The diversification of steel and steel products manu- facturer Scaw Metals’ baseline products and markets in key sectors will create strong growth into the immediate future, particularly in Africa, where the company has about R650-million in projects under way.
These are focused on a range of sectors, including oil and gas, mining and rail, and, Scaw says, it is actively exploring opportunities in Africa where the company already has an established foothold.
The continent, in the coming years, presents exciting opportunities. “Locally, government’s infrastructure development programme certainly should provide important demand from the local steel and construction industry, while infrastructure development in construction and rail combined with mining growth will simulate additional demand from the rest of Africa,” Scaw points out.
Outside Africa, Scaw remains focused on developing its Australia base where the company has manufacturing facilities and an extensive distribution network that also distributes products from Scaw South Africa.
The company forecasts increased demand for its “premium products” internationally, highlighting that Scaw’s strategy and expan- sion plans align the business to absorb growth both locally and internationally.
“Scaw [which is majority owned by the State-owned Indus-trial Development Corporation] lives its vision of being a South African-led globally competitive and responsible beneficiator of key raw materials into value-add steel products.”
However, it maintains that post the global financial crisis and given the significant investment in steel manufacturing capacity in China and other countries, the global steel industry will remain increasingly competitive.
With new Scaw Metals Group CEO, Markus Hannemann, the group’s strategy is focused on growing capacity and capability in the manufacture of secondary value-add steel products. “Given the tough economic climate, the strategy also recognises the need to stabilise the business on a sustainable basis as the steel industry suffers globally,” notes the company.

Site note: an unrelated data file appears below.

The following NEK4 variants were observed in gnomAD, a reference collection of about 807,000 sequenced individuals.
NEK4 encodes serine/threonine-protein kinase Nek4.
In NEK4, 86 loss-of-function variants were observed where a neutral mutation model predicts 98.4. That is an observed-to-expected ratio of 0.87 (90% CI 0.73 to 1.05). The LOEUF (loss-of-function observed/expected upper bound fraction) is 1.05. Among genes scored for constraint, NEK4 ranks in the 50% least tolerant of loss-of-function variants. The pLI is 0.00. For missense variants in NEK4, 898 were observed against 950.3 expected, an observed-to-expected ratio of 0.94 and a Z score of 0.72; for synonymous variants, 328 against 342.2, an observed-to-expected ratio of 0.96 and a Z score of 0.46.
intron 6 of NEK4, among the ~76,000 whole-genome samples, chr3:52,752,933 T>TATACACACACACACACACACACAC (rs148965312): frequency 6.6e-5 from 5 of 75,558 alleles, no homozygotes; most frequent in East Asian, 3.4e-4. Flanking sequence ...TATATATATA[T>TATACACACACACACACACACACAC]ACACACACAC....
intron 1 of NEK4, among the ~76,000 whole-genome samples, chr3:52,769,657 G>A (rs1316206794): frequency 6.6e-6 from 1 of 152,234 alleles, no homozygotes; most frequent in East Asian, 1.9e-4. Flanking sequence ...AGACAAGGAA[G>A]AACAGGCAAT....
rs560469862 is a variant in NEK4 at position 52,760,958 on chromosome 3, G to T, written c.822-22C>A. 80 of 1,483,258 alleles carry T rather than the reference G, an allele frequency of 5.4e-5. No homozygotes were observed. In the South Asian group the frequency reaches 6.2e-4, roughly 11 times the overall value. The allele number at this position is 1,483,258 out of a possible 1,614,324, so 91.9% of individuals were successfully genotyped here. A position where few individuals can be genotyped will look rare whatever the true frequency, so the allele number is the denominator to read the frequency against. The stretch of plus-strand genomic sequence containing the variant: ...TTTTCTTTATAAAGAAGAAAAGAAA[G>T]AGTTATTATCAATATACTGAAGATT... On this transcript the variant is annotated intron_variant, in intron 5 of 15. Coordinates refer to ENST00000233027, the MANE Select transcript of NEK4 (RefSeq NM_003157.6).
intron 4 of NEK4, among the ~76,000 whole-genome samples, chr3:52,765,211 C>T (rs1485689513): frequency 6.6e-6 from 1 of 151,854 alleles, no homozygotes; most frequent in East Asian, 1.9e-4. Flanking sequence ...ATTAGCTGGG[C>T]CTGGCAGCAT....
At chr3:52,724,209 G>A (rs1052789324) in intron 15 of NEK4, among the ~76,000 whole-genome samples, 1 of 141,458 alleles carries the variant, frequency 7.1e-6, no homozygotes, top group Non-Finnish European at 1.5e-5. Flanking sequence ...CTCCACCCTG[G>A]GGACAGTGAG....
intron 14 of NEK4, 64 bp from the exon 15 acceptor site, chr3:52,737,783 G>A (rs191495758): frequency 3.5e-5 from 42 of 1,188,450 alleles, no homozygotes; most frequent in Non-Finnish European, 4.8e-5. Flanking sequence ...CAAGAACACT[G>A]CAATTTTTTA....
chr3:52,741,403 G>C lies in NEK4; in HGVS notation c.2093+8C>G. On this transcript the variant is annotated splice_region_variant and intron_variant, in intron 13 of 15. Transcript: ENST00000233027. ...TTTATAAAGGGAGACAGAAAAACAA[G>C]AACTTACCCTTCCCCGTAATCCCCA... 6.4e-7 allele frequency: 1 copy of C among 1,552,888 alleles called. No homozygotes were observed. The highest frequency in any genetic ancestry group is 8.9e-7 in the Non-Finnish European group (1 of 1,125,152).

Scaw believes increased value-added beneficiation is important to ensuring the long-term sustainability of the South African steel manufacturing industry.
Meanwhile, Scaw plans to take advantage of government’s R4-trillion infrastructure development programme, which it says “certainly presents exciting opportunities for the local manufacturing and construction industry”.
The company notes that its strategic plan combined with its recognised capability makes it well aligned to play an important role in assisting in delivering government infrastructure projects.
In terms of government’s aim to curb scrap exports, the company says it is not too late for government to implement this plan.
“Scrap is the key input to the majority of South Africa’s mini-mills and foundry busi- nesses. The ripple effects of the export of quality scrap from South Africa have been detrimental to the local metals manufacturing industry. The resultant shortage of scrap has placed upward pressure on local scrap prices,” states Scaw.
The metals manufacturing industry is sensitive to scrap costs, says the company, as the key ingredient represents more than 50% of total cost of manufacture. Since 2009, some 100 foundries have closed in South Africa.
“Undoubtedly, the curbing of scrap exports will lead to lower scrap prices, ultimately benefiting the local metals manufacturing industry with increased competitiveness and the possibility of desperately needing growth,” highlights Scaw, adding that high steel and scrap prices hinder competitiveness.
Low scrap and steel prices beyond improving direct international competitiveness will spurt the growth of secondary manufacturing of metal products in South Africa. A competitive secondary metal manufacturing industry is vital to fuelling an efficient value-add sustainable steel industry, notes Scaw.